Sometimes trademark fights get down in the gutter, literally. DC Comics has opposed a family-owned installer of home gutters attempt to register its diamond-shaped “G” trademark. But is there really any chance anyone would actually confuse the gutter company with the Man of Steel?
In October 2017, Gutter Man of Western North Carolina LLC applied for the Gutter Man “G” mark. Gutter Man claims in its original application that it has been using the “G” mark in question to represent its gutter installation and maintenance services since May, 2010. Gutter Man is a family owned business that installs rain gutters on houses.
We’re well aware of DC Comics’ protection of its marks here on Pirated Thoughts. We’ve written on multiple occasions regarding DC Comics’ protective nature over its wide array of Superman marks including the name SUPERMAN, the Superman “S” symbol, and the likeliness of the Man of Steel himself. There’s no question about it: DC Comics is out to protect their brand and isn’t going to give up any time soon. While we (quite obviously) fully endorse brand protection and the strength of intellectual property, sometimes it’s a little too easy to argue that DC has gone a bit too far when it comes to protecting their brand and their characters. This might just be one of those times.
DC Comics proved once again that it won’t falter on protecting its marks when it filed an opposition to halt registration of Gutter Man’s mark earlier this year. In its original opposition filed on May 17, DC Comics argued that the “G” symbol applied for by Gutter Man was much too similar to the Superman “S” mark to obtain successful registration. Due to this similarity, DC Comics asserted, consumers would be confused as to the source of the gutter-related goods and services and would assume that DC Comics either endorsed or offered the services itself.
At this point, you may have a few questions.
First and foremost, it’s important to know that federally registered trademarks are broken up into classes of goods. In this case, Gutter Man applied for the “G” mark for use in construction project management services and construction contracting, which is pretty consistent with its brand and its use in gutter repair and installation services.
So, you may be wondering- does DC Comics own a Superman-related mark for use in a similar class? If it does, there’s a higher likelihood of confusion between the two marks. While DC Comics has the exclusive right to use its Superman marks in marketplaces such as comic books, mugs and cups, entertainment services, pillow cases and drapes, toys, and plenty more, it definitely doesn’t own the Superman mark in the same class as the Gutter Man’s “G” mark. (It’s not likely that we’ll be seeing official licensed SUPERMAN construction services any time soon, then.)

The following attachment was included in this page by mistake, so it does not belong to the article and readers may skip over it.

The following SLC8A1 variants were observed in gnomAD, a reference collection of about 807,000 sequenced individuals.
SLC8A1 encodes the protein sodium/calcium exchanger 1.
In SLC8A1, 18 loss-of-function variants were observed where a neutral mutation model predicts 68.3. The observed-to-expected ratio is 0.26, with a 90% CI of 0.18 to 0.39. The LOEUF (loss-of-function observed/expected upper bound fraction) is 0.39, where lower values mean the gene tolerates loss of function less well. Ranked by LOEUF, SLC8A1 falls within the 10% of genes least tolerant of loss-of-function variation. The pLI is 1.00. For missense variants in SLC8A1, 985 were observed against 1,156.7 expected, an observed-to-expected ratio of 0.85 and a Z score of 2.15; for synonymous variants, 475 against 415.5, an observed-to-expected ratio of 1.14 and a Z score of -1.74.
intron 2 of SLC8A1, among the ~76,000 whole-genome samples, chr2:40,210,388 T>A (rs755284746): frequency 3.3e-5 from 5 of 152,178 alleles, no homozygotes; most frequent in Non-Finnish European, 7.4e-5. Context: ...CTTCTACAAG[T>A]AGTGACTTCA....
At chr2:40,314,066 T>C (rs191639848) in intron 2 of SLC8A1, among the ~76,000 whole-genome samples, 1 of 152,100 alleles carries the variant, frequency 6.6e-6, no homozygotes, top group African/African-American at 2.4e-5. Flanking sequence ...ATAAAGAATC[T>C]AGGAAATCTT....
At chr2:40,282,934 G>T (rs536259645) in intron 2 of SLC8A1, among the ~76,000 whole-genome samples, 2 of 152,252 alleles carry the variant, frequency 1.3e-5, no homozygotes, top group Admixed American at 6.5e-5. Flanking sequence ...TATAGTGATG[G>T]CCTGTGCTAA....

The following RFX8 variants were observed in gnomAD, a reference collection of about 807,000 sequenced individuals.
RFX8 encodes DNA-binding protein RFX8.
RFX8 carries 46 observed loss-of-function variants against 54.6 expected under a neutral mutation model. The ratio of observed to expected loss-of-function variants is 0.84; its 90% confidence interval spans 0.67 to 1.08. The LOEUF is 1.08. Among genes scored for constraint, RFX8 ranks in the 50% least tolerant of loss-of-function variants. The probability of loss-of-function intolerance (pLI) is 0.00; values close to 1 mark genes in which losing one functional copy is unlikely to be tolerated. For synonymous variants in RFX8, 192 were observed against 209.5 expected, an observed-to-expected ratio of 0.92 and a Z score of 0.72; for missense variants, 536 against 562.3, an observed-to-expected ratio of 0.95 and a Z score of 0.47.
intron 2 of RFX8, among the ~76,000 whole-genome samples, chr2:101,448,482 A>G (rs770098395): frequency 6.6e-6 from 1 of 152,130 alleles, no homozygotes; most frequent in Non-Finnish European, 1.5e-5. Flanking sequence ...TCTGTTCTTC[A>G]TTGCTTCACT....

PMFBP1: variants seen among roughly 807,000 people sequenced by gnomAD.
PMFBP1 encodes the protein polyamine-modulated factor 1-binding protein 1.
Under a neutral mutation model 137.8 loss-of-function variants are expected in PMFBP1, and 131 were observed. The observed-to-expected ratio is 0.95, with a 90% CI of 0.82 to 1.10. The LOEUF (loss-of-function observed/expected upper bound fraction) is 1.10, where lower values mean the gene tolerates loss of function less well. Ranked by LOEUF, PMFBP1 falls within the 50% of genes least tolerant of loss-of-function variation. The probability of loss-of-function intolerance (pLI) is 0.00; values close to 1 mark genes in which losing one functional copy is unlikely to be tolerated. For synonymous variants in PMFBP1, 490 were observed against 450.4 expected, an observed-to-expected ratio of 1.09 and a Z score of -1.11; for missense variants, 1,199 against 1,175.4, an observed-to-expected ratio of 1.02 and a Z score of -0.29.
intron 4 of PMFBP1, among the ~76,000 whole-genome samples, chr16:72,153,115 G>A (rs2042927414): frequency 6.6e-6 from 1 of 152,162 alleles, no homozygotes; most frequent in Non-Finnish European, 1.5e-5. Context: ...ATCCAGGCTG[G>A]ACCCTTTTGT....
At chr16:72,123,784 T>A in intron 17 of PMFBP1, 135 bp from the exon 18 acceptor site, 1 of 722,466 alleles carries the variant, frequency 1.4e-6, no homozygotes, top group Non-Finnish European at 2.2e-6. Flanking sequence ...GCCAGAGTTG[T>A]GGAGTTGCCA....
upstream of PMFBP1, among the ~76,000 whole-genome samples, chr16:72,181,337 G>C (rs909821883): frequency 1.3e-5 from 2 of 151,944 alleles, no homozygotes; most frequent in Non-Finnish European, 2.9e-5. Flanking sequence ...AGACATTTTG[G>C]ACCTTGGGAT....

Secondly, there’s the question of whether or not there is actually a risk of confusion between the two marks here. While it’s reasonable to say that the Gutter Man “G” mark is similar to the Superman “S” emblem and that it definitely draws on the same geometric pattern as the Man of Steel’s “S”, similarity is not the big question in a matter of determining trademark validity. The real question when it comes to determining the validity of a trademark registration is whether there is a likelihood of confusion between the two marks.
Simply put: it would be ridiculous to find that there’s a likelihood of confusion here. Not only are the marks pretty distinct, but they’re used in entirely different marketplaces and targeted at entirely different audiences. Gutter Man also only seems to provide a very specific contracting service to the Western North Carolina area, making it hard to believe that there would have been any sponsorship by DC Comics itself.
The weak nature of the implication that a likelihood of confusion would exist upon registration of the “G” mark explains why Gutter Man isn’t giving up on their registration. In the face of an opposition from a giant like DC Comics, many give up- often because their mark is in fact infringing. Last week, however, Gutter Man filed a request to extend their time to answer the complaint lodged against them by DC Comics. With just a little more time to prepare their argument against DC Comics, Gutter Man may be able to keep using the “G” mark it’s been operating with for the past several years.
Author, Caroline Womack, is a rising 3L at Quinnipiac University School of Law and primarily studies intellectual property law, focusing on video game and internet law.